Can you talk us through the Cowdray Golf Academy? What does it offer and how many professionals work on it?

This is an area that we have worked hard on in the last couple of years in particular.

We have fantastic facilities, a five-hole par three course, short game area and a full length driving range. Over the winter months we constructed a swing / fitting studio. The work was undertaken by the estate’s own works’ department, who sourced timber panels sawn from the estate forest. This is a great example of the wider estate working together on a specific project.

This significant investment included the addition of Trackman 4 launch monitor which the team have all received full training in.

We have three teaching professionals here, Matt Watson, Harry Smith and Hannah Ralph. Matt and Harry are both keen to further their knowledge and learning into Trackman and the early signs are extremely positive.

The studio is in use daily, the range has never been busier and the pro shop has seen a huge surge in custom-fit sales since the start of this year.

You’ve been a PGA professional since the late 1990s, how have you found that role, and generally the golf club industry, has changed in the last 20 years?

Quite a bit! The PGA role is now, without doubt, less traditional. There are PGA professionals now filling more diverse roles within the golf industry in general. Many members are embarking on different career paths in the game, some extremely entrepreneurial, and I believe the PGA training is now developing to encourage this mind set.

I have, along with many other PGA members, also joined the GCMA. In general, technology has stretched the game further and golfers are now better informed before making decisions, whether it be booking a golf break, buying equipment or joining a club. Various initiatives introduced to the industry over the past few years have also given golfers more options to play the game than ever before, which is great.

What do you find are the biggest challenges managing the club today?

As we strive to improve every day, the natural knock-on effect is the challenge of meeting every customer’s expectations. In particular members’ ideals and demands.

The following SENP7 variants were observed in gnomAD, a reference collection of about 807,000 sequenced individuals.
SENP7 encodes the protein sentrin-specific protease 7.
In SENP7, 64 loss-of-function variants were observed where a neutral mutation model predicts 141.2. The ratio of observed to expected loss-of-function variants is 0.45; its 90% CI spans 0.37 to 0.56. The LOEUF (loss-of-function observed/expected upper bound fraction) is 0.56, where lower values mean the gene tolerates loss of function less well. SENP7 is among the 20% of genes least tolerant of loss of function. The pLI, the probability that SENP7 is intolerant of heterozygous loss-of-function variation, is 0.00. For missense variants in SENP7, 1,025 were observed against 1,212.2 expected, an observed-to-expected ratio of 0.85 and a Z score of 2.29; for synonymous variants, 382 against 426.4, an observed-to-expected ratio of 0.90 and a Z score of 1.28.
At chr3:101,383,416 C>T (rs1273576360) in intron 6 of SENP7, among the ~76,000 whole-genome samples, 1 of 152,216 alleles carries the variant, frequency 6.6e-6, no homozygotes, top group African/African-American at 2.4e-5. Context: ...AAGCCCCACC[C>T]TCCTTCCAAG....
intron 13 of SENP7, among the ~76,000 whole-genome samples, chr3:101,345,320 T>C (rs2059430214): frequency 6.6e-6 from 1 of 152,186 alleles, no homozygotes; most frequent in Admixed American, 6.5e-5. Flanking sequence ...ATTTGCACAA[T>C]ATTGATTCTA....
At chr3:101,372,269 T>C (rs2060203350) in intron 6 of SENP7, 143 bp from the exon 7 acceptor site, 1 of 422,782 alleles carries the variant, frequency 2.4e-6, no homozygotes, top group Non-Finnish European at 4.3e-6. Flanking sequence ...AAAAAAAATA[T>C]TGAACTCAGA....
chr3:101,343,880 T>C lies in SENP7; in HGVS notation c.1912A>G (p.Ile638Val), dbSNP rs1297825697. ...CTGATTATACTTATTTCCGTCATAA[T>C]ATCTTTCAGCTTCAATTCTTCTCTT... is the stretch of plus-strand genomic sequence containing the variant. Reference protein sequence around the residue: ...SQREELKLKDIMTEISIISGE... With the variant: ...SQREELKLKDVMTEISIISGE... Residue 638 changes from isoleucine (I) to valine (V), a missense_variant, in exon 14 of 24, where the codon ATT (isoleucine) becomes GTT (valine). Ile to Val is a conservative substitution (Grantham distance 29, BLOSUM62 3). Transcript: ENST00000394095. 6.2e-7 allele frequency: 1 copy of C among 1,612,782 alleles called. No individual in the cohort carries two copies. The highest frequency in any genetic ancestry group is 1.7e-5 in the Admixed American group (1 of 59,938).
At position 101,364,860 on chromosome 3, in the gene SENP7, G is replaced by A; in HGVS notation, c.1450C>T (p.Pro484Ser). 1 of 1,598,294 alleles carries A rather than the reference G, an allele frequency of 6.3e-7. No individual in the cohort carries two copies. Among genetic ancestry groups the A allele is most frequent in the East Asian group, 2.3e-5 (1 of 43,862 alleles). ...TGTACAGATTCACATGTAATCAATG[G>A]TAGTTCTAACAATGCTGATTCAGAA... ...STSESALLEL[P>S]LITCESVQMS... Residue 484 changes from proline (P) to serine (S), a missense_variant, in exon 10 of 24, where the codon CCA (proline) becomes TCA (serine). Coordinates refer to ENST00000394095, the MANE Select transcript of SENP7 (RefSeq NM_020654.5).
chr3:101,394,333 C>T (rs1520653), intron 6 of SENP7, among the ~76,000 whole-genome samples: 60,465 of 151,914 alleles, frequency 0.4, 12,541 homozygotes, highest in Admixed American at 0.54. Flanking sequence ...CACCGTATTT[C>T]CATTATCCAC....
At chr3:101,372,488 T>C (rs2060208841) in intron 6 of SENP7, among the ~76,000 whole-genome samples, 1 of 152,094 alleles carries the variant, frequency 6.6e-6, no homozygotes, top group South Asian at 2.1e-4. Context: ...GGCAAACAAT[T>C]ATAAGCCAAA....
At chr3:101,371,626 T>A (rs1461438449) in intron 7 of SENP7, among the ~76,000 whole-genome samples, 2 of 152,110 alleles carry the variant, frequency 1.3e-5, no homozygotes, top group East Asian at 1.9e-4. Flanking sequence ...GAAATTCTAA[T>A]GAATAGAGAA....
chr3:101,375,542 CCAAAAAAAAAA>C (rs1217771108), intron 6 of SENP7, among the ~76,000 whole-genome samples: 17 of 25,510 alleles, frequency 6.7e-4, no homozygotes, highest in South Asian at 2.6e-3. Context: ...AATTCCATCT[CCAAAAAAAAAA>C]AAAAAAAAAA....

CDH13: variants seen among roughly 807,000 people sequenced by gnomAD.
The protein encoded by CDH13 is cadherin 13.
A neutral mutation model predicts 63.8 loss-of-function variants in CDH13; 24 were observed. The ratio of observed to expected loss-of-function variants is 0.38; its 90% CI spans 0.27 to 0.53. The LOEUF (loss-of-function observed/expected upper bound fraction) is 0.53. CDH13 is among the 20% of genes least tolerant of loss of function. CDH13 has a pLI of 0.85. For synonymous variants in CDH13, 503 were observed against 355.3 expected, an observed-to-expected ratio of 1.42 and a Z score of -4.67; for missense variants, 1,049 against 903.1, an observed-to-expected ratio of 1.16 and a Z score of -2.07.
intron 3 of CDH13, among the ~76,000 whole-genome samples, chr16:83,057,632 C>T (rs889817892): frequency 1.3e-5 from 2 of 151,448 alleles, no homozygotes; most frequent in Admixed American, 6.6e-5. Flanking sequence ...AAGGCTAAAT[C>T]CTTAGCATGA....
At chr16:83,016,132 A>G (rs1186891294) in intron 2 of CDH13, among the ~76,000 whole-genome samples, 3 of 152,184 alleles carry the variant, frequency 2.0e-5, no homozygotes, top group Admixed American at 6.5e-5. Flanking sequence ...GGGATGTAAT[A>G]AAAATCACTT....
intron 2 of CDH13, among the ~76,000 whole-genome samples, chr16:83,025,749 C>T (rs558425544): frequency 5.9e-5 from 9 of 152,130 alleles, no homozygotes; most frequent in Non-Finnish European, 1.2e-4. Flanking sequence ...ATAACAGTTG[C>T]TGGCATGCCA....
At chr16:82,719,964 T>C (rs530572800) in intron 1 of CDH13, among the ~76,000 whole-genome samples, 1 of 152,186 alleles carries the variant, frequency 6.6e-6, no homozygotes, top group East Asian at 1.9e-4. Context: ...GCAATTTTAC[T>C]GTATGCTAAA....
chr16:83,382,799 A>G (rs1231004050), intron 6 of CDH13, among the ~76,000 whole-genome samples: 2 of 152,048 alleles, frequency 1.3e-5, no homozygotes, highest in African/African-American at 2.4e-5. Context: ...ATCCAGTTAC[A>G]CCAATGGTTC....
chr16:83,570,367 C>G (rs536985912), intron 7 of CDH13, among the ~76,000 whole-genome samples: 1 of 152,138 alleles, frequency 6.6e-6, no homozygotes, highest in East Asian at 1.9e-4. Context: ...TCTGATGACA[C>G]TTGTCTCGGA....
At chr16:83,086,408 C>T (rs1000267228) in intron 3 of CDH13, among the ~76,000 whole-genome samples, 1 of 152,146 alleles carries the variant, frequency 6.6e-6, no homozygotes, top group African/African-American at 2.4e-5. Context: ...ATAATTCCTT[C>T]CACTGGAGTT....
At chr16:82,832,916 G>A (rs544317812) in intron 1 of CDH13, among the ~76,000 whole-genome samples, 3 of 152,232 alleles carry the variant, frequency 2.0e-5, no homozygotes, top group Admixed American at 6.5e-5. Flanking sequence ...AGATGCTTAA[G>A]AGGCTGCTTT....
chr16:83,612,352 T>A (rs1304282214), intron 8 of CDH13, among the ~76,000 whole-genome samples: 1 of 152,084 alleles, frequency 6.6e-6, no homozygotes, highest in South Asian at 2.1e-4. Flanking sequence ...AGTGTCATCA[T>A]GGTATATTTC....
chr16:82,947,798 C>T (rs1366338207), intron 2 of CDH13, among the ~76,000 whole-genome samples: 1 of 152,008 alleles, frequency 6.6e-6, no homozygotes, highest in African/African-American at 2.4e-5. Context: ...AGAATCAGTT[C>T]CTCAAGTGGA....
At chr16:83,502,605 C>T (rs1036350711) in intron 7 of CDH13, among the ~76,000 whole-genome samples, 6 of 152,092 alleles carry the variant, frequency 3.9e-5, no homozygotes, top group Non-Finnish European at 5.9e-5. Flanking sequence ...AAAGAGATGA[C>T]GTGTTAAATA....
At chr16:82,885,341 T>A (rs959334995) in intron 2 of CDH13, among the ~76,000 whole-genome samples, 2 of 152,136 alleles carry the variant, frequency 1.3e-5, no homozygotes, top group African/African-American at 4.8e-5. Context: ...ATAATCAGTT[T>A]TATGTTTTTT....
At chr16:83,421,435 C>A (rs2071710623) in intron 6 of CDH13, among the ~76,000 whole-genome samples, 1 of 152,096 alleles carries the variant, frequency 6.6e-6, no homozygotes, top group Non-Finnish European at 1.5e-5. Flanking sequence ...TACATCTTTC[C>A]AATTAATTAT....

This has come about by proactively creating a more welcoming environment with an enthusiastic team. That should be the easy part, but, as I mentioned, with this openness comes more expectations. It is crucial to help build trust and loyalty, again particularly in our membership. I’m sure most golf club managers echo the fact that, generally, golfers expect a much better overall experience than in the past.

We are no different and another challenge we face is our location. Although it is a really beautiful part of England, there is a limited demographic and not too many chimney pots nearby.

This heightens the need to create a memorable impression on all that come along to Cowdray as with the majority, they have chosen to make at times a significant journey. That didn’t want to sound too much like a sob story as I am really fortunate to live and work in such a beautiful area!

You previously worked at Playgolf Bournemouth, which particularly markets to younger people. What was that experience like?

Having the opportunity to move from full-time coaching into full-time management was a great experience and a steep learning curve!

It is a very busy facility which grew and grew under new ownership.

During my time there, the centre upgraded the 60-bay driving range and built a brand new family-friendly restaurant. More non-golf attractions were added to appeal to a wider audience and it gave me great education of the pay-and-play market.

Bournemouth is a great place and I even introduced golf to the beach, which was huge fun!

Is Cowdray Park trying to attract more women and juniors to the facility?

Juniors are certainly a growth area for us. With a new structure of our team, we are now able to deliver free coaching in local primary schools to fit into curriculum for the first time in this area.

There is only one secondary state school in the area, and we have close links, again offering free coaching sessions as well as supporting their open and community days.

We have a strong ladies’ section at Cowdray, with 125 female members. Teaching professional Hannah Ralph delivers popular ladies’ clinics, as well as numerous nine-hole role up sessions to help new and potential members get comfortable to the surroundings.